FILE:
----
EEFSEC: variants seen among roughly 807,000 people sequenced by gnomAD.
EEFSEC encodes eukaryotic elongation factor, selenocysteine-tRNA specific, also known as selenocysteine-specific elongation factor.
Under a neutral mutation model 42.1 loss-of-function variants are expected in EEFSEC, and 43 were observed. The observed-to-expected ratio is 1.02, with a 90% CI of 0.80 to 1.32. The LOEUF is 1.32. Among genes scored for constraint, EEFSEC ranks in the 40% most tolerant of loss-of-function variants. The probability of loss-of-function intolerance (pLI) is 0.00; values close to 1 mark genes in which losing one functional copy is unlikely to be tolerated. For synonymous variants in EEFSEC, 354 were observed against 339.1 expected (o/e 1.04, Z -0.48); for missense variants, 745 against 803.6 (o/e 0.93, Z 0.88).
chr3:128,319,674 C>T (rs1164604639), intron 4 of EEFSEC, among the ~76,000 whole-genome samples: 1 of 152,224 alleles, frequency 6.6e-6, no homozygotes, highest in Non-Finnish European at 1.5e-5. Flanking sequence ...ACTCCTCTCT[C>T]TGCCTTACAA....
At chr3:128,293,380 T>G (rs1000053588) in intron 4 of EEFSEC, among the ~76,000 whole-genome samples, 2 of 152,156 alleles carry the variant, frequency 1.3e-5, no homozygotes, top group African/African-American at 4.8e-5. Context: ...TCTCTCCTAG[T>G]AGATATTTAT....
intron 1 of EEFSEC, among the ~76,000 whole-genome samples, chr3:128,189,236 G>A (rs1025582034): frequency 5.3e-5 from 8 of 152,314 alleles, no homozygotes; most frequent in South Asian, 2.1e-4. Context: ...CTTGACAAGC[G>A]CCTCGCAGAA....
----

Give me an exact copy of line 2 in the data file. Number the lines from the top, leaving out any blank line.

EEFSEC encodes eukaryotic elongation factor, selenocysteine-tRNA specific, also known as selenocysteine-specific elongation factor.